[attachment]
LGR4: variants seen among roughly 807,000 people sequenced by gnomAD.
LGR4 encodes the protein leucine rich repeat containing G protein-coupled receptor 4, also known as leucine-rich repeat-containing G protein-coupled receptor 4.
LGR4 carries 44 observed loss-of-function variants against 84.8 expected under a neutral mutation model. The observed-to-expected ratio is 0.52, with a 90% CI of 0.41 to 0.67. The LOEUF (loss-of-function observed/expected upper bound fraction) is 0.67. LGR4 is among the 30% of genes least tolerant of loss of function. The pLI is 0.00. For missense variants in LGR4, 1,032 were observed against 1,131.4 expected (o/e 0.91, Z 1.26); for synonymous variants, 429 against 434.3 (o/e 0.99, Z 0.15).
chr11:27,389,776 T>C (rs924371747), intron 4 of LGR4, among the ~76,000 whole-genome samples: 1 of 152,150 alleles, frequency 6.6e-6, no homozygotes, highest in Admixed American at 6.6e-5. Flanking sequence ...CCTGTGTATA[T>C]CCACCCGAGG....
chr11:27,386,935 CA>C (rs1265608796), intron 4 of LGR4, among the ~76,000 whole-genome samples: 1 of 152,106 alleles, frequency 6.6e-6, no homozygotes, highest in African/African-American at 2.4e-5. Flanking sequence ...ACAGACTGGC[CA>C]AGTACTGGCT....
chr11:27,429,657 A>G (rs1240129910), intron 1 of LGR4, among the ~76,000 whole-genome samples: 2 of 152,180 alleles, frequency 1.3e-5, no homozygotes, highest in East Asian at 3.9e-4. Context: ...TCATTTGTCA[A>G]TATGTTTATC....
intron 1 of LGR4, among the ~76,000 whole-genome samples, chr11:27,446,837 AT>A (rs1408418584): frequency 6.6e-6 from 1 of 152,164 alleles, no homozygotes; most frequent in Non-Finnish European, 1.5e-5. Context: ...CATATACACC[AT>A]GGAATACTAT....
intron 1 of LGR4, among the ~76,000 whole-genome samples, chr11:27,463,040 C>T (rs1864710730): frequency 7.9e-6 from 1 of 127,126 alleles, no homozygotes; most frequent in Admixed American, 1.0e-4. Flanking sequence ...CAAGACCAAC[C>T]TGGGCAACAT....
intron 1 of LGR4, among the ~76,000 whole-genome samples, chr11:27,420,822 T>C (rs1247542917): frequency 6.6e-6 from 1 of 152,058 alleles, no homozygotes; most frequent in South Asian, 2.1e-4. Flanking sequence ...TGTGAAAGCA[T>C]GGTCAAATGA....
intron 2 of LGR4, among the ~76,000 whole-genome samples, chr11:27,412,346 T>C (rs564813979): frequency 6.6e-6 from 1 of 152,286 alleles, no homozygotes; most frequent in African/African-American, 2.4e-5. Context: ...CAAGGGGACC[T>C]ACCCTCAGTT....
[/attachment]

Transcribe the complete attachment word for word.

LGR4: variants seen among roughly 807,000 people sequenced by gnomAD.
LGR4 encodes the protein leucine rich repeat containing G protein-coupled receptor 4, also known as leucine-rich repeat-containing G protein-coupled receptor 4.
LGR4 carries 44 observed loss-of-function variants against 84.8 expected under a neutral mutation model. The observed-to-expected ratio is 0.52, with a 90% CI of 0.41 to 0.67. The LOEUF (loss-of-function observed/expected upper bound fraction) is 0.67. LGR4 is among the 30% of genes least tolerant of loss of function. The pLI is 0.00. For missense variants in LGR4, 1,032 were observed against 1,131.4 expected (o/e 0.91, Z 1.26); for synonymous variants, 429 against 434.3 (o/e 0.99, Z 0.15).
chr11:27,389,776 T>C (rs924371747), intron 4 of LGR4, among the ~76,000 whole-genome samples: 1 of 152,150 alleles, frequency 6.6e-6, no homozygotes, highest in Admixed American at 6.6e-5. Flanking sequence ...CCTGTGTATA[T>C]CCACCCGAGG....
chr11:27,386,935 CA>C (rs1265608796), intron 4 of LGR4, among the ~76,000 whole-genome samples: 1 of 152,106 alleles, frequency 6.6e-6, no homozygotes, highest in African/African-American at 2.4e-5. Flanking sequence ...ACAGACTGGC[CA>C]AGTACTGGCT....
chr11:27,429,657 A>G (rs1240129910), intron 1 of LGR4, among the ~76,000 whole-genome samples: 2 of 152,180 alleles, frequency 1.3e-5, no homozygotes, highest in East Asian at 3.9e-4. Context: ...TCATTTGTCA[A>G]TATGTTTATC....
intron 1 of LGR4, among the ~76,000 whole-genome samples, chr11:27,446,837 AT>A (rs1408418584): frequency 6.6e-6 from 1 of 152,164 alleles, no homozygotes; most frequent in Non-Finnish European, 1.5e-5. Context: ...CATATACACC[AT>A]GGAATACTAT....
intron 1 of LGR4, among the ~76,000 whole-genome samples, chr11:27,463,040 C>T (rs1864710730): frequency 7.9e-6 from 1 of 127,126 alleles, no homozygotes; most frequent in Admixed American, 1.0e-4. Flanking sequence ...CAAGACCAAC[C>T]TGGGCAACAT....
intron 1 of LGR4, among the ~76,000 whole-genome samples, chr11:27,420,822 T>C (rs1247542917): frequency 6.6e-6 from 1 of 152,058 alleles, no homozygotes; most frequent in South Asian, 2.1e-4. Flanking sequence ...TGTGAAAGCA[T>C]GGTCAAATGA....
intron 2 of LGR4, among the ~76,000 whole-genome samples, chr11:27,412,346 T>C (rs564813979): frequency 6.6e-6 from 1 of 152,286 alleles, no homozygotes; most frequent in African/African-American, 2.4e-5. Context: ...CAAGGGGACC[T>C]ACCCTCAGTT....